On Baseball

Adam Gopnik has written about his falling out with baseball. I don’t care for the sport much, either. But I do have a few thoughts, corresponding to the reasons for his disdain:

1. “First, there is the utter cynicism in the relation of team to player…the sense that these guys arrive, execute, and leave is now too strong to lead me on.”

I have cried exactly twice in my life as a sports fan. One followed a University of Kansas loss to Duke University in the second round of the NCAA men’s basketball tournament; the other came when I opened the Kansas City Star to find that my Royals had traded Brian McRae and David Cone. My two favorite players. On back to back days. I was eight years old.

But, I do not think it soured me on baseball, specifically. In some ways, the sport does more to keep players with their original teams than any other (in some ways, it doesn’t). My favorite sport, college basketball, rotates players at an ever-increasing rate.

If anything, this incident made me understand that these professional games, all of them, were professional sports.

2. “The length of games and their boredom.”

Baseball doesn’t translate well to television. But there isn’t a more enjoyable sport to watch in person. Also, things like this happen, sometimes (like, yesterday; seriously, watch the video). I have, however, written previously on exactly why baseball is more boring than other sports.

3. “The steroids era, and the failure to amend it.”

I suppose there is an off-color contrast to be made between Bud Selig’s cover-up of the steroids era and the Pope’s apparent cover-up of sexual abuse cases. But the steroid issue has never particularly bugged me. Shoes have gotten better, but no one thinks Usain Bolt’s times should carry an asterisks above Jesse Owens’; no one seriously wants to ban the equipment used by today’s golfers and tennis players. Steroids weren’t illegal; now they are. We move on.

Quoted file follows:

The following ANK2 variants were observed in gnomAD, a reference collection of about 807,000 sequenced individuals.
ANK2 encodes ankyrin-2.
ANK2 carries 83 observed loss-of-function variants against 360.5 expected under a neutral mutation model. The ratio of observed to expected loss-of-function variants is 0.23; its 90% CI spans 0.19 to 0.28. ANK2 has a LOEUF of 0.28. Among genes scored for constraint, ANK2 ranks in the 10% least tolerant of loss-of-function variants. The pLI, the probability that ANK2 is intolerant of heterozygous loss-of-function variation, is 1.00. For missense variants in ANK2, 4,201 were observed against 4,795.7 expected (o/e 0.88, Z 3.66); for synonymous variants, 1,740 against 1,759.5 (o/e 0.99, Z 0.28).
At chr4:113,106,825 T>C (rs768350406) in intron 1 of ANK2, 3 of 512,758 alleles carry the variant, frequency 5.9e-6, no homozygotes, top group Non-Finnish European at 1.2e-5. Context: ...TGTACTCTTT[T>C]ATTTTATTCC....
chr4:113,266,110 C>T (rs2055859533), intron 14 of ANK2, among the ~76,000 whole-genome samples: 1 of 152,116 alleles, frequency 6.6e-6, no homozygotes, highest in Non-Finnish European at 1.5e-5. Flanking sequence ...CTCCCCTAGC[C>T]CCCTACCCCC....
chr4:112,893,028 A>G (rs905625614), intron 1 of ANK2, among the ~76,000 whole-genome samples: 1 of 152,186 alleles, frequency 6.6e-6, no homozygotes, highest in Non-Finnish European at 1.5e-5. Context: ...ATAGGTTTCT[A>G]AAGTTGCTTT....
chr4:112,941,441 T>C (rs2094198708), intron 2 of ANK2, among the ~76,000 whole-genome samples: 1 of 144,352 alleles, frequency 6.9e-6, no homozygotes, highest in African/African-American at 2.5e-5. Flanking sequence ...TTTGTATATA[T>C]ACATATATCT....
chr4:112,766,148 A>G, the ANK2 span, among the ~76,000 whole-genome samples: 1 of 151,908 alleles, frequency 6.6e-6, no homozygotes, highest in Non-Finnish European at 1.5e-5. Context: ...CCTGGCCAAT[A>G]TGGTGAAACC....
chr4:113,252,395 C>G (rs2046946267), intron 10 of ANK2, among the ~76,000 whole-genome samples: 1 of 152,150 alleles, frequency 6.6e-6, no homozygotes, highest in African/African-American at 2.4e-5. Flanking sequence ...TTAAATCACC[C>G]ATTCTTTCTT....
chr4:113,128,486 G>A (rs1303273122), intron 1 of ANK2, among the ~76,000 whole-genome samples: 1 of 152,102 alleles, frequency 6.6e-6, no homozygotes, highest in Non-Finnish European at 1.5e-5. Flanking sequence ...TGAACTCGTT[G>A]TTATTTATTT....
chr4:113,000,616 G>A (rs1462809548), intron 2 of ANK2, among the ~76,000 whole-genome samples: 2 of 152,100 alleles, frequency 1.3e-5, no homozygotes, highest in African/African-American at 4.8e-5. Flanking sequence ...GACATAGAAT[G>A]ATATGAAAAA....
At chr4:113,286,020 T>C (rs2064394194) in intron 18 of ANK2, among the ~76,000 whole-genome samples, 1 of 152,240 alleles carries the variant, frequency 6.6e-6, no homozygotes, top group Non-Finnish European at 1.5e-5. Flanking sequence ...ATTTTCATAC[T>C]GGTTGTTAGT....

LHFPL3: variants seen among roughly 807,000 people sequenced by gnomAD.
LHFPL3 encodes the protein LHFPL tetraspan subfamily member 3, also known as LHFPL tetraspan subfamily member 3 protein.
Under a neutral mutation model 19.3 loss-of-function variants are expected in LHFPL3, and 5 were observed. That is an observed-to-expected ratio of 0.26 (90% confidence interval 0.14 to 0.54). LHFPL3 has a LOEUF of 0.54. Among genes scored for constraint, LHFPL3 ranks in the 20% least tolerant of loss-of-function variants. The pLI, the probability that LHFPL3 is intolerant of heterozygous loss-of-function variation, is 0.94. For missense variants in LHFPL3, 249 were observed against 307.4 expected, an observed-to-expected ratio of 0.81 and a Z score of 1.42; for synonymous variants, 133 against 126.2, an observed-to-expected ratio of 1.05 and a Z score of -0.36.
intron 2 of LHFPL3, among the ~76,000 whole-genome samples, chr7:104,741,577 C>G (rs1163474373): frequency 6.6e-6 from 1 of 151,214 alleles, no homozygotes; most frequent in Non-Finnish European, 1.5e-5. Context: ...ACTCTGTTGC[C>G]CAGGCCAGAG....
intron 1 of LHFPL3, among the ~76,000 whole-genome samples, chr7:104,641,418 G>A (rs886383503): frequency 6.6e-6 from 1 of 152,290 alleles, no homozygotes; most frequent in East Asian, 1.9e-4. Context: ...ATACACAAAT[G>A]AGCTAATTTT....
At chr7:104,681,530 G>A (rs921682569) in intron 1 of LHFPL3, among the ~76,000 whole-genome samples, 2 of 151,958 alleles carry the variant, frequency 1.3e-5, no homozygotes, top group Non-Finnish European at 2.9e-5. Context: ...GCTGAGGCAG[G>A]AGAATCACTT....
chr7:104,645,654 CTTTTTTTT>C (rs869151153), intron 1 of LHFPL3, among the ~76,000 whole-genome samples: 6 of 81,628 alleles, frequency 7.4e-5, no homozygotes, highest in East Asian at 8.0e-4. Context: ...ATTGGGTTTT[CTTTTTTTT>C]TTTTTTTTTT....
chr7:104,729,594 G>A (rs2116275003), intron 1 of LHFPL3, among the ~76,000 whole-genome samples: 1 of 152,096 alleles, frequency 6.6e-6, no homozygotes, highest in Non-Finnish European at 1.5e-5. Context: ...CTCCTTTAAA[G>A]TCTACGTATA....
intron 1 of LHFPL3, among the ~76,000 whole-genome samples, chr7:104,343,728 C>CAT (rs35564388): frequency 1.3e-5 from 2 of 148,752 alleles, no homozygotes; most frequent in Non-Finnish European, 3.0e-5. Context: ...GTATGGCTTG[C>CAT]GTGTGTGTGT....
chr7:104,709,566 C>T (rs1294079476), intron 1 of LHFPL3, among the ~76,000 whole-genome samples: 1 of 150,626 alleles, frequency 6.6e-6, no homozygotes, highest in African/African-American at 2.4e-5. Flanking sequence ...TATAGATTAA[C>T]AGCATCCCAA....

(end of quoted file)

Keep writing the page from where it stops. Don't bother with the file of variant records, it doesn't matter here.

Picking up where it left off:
4. “And the steroids scandals, beyond being rotten in themselves, disrupted history, and what is baseball without a sense of how yesterday’s game relates to today’s?”

See above. Also, I don’t really know what this means.

But Adam should have stopped after the second paragraph, when he got to the real reason for his bad break up with the sport: “I certainly miss my team, the Montreal Expos, whose reincarnation as the Washington Nationals has perpetuated their futility while surrendering their circus-cap charm.” [Bolding is mine]

Over the past decade, Adam’s team started to get really, really bad. Then they ceased to exist. The Royals won the World Series the year before I was born. In my lifetime, they have not yet returned to the playoffs. My allegiance to the perennially contending University of Kansas men’s basketball team has been strong and lasting; I couldn’t give two licks about the University of Kansas’s woeful football team. Ditto for the Royals, to a lesser degree.

So, this is all to say that fandom depends – along with such factors as, well, liking “sports” – overwhelmingly on being able to root for teams that are good, or at least competitive. This, I believe, is why Adam Gopnik and I no longer like baseball. Our teams are just bad.

[Postscript: I cannot explain my affinity for tennis within this theory, other than to say I admired Pete Sampras. And Pete Sampras was very good when I was growing up.]


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